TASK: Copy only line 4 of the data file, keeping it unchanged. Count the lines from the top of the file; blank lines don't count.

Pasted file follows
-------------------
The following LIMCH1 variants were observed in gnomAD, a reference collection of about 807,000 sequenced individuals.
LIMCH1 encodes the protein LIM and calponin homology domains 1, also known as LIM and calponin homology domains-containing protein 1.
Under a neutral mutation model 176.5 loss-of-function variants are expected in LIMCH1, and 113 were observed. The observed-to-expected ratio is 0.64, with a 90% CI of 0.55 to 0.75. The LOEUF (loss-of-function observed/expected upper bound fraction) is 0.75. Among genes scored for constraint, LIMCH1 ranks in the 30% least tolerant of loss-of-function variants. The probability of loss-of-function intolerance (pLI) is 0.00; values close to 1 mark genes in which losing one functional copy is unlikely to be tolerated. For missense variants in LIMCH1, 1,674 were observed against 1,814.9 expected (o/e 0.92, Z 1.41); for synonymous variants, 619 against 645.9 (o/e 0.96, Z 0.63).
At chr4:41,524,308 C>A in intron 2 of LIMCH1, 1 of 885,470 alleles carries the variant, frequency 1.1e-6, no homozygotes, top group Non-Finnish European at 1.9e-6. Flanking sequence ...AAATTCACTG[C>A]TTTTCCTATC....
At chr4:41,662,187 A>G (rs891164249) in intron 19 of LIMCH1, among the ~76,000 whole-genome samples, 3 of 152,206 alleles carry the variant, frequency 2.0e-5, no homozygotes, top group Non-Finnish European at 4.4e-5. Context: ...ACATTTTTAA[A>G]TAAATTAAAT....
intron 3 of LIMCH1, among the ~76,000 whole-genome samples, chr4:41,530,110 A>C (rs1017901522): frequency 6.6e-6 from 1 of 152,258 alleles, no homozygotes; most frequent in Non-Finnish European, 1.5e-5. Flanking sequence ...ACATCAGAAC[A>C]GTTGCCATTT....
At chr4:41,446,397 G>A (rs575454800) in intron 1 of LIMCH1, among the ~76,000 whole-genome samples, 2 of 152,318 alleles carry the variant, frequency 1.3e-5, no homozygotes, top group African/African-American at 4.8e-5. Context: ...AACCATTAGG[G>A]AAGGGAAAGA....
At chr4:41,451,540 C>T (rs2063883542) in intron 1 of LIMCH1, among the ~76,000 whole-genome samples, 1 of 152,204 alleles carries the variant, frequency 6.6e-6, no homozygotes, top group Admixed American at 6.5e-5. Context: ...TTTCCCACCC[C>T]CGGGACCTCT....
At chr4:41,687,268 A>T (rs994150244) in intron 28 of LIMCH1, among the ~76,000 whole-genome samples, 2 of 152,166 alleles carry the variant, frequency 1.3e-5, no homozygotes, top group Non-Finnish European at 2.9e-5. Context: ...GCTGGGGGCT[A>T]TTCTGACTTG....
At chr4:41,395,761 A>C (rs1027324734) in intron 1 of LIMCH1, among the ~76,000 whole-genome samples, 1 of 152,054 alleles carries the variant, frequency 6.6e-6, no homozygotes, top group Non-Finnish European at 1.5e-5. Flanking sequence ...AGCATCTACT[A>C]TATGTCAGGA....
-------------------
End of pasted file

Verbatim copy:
At chr4:41,524,308 C>A in intron 2 of LIMCH1, 1 of 885,470 alleles carries the variant, frequency 1.1e-6, no homozygotes, top group Non-Finnish European at 1.9e-6. Flanking sequence ...AAATTCACTG[C>A]TTTTCCTATC....